A Streetcar Named Desire

1951

A Streetcar Named Desire

Critics Consensus

A feverish rendition of a heart-rending story, A Streetcar Named Desire gives Tennessee Williams' stage play explosive power on the screen thanks to Elia Kazan's searing direction and a sterling ensemble at the peak of their craft.

98%

TOMATOMETER

Total Count: 56

90%

Audience Score

User Ratings: 55,068
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A Streetcar Named Desire Photos

Movie Info

In the classic play by Tennessee Williams, brought to the screen by Elia Kazan, faded Southern belle Blanche DuBois (Vivien Leigh) comes to visit her pregnant sister, Stella (Kim Hunter), in a seedy section of New Orleans. Stella's boorish husband, Stanley Kowalski (Marlon Brando), not only regards Blanche's aristocratic affectations as a royal pain but also thinks she's holding out on inheritance money that rightfully belongs to Stella. On the fringes of sanity, Blanche is trying to forget her checkered past and start life anew. Attracted to Stanley's friend Mitch (Karl Malden), she glosses over the less savory incidents in her past, but she soon discovers that she cannot outrun that past, and the stage is set for her final, brutal confrontation with her brother-in-law. Brando, Hunter, and Malden had all starred in the original Broadway version of Streetcar, although the original Blanche had been Jessica Tandy. Brando lost out to Humphrey Bogart for the 1951 Best Actor Oscar, but Leigh, Hunter, and Malden all won Oscars. ~ Hal Erickson, Rovi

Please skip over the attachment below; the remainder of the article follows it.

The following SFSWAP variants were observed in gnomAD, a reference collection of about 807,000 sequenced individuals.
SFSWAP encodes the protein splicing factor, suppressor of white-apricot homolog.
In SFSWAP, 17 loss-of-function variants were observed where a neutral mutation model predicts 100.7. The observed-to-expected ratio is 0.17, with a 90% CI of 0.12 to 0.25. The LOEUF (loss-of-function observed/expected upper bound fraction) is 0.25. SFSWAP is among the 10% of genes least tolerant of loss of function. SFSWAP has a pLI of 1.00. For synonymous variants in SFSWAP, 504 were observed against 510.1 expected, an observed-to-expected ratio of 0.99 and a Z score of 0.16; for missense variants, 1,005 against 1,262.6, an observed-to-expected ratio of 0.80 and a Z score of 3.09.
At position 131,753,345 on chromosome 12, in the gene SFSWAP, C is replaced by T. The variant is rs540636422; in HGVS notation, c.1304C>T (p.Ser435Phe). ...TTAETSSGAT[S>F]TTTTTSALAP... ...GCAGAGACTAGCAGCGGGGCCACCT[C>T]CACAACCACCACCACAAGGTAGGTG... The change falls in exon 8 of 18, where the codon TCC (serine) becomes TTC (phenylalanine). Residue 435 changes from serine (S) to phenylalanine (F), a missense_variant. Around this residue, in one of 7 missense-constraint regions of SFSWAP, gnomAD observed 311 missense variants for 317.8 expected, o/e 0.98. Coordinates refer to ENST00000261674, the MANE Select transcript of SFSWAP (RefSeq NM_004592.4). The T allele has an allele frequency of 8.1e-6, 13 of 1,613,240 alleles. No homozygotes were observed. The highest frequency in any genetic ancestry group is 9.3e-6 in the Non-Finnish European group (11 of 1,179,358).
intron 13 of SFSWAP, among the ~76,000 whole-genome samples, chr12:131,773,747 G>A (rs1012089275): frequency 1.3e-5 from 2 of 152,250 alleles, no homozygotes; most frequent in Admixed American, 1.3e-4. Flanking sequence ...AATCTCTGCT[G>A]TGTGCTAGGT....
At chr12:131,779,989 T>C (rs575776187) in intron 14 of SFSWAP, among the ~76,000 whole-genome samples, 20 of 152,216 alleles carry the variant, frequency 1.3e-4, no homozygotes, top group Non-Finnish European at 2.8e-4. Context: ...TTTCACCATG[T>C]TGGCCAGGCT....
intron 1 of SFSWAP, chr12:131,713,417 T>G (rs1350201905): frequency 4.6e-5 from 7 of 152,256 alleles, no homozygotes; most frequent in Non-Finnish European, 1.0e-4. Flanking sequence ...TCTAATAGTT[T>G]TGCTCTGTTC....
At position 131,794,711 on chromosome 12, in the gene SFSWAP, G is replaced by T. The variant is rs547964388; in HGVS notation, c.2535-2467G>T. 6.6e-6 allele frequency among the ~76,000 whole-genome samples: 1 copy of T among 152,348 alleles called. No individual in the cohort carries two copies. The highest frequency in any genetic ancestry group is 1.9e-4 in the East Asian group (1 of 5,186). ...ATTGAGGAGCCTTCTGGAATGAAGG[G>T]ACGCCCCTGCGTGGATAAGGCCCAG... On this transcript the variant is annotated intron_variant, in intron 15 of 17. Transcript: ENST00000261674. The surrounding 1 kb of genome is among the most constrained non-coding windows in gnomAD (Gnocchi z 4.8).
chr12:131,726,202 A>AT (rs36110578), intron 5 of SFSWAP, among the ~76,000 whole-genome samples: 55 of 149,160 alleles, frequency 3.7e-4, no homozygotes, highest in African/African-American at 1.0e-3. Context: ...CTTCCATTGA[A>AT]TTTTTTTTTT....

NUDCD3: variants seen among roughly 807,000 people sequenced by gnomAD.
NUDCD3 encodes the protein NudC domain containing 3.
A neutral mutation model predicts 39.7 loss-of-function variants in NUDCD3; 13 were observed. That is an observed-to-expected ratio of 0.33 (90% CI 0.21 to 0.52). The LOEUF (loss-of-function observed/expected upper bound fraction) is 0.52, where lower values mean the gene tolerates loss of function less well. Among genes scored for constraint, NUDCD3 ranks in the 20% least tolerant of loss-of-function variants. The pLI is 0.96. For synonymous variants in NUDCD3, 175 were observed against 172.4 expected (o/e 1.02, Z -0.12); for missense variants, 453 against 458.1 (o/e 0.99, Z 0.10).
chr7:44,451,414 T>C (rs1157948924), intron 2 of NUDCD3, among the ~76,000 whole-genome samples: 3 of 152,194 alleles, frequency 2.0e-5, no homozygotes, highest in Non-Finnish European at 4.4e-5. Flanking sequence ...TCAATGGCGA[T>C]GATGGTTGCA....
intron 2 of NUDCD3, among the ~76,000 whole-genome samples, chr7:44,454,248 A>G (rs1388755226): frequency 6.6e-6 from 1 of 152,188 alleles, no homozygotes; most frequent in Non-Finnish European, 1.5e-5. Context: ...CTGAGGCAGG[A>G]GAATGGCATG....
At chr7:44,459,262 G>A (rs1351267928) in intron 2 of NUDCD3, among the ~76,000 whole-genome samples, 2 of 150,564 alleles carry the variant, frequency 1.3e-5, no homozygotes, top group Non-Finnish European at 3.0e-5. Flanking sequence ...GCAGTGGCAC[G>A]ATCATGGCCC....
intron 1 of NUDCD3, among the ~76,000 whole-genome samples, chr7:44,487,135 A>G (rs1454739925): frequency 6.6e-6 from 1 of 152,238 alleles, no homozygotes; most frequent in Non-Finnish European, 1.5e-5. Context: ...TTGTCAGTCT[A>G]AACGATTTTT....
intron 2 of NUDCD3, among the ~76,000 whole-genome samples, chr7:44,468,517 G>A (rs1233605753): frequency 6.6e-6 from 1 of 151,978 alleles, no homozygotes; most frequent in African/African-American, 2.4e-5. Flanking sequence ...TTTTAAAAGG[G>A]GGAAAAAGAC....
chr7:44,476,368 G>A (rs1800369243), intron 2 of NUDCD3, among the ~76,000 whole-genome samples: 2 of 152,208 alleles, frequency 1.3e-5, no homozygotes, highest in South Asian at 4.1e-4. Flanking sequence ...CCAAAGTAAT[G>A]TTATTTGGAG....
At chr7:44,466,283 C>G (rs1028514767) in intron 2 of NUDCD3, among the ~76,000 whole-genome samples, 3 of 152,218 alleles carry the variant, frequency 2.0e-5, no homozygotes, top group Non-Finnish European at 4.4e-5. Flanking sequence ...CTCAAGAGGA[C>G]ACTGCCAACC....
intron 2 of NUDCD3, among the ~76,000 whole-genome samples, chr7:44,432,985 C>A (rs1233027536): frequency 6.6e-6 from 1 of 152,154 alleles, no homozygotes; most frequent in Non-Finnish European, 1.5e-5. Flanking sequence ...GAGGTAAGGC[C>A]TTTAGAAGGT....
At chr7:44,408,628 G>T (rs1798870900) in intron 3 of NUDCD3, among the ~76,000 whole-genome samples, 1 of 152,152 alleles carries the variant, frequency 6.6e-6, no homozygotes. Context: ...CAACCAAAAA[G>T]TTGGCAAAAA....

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Cast

Marlon Brando
as Stanley Kowalski
Vivien Leigh
as Blanche Dubois
Kim Hunter
as Stella Kowalski
Rudy Bond
as Steve Hubbell
Nick Dennis
as Pablo Gonzales
Peg Hillias
as Eunice Hubbell
Wright King
as Young Collector
Ann Dere
as The Matron
Edna Thomas
as Mexican Woman
Chester Jones
as Street Vendor
Marietta Canty
as Black Woman
Lyle Latell
as Policeman
Maxie Thrower
as Passersby
Mel Archer
as Foreman
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Critic Reviews for A Streetcar Named Desire

All Critics (56) | Top Critics (10)

  • Some movie goers will be bored by its unlovely subject and wealth of talk, but others will admire it as an excursion into art.

    Aug 7, 2019 | Full Review…
  • Vivien Leigh gives one of those rare performances that can truly be said to evoke pity and terror.

    Jan 2, 2018 | Full Review…
  • The blistering sexual repression is the entire point of the 1950s. Quite simply, fabulous.

    Nov 14, 2008 | Full Review…
  • The film is perhaps best regarded as an intelligent and engaged recreation of the original Broadway experience, in which Jessica Tandy first played the role. There's no denying the awful horror and pity of the final scene.

    Nov 14, 2008 | Rating: 3/5 | Full Review…
  • ...if the hothouse style was ever justified, this is the occasion.

    Jun 28, 2007 | Full Review…
  • ...Kazan achieves a sort of theatrical intensity in which the sweaty realism sometimes clashes awkwardly with the stylisation that heightens the dialogue into a kind of poetry.

    Feb 9, 2006 | Full Review…

    Geoff Andrew

    Time Out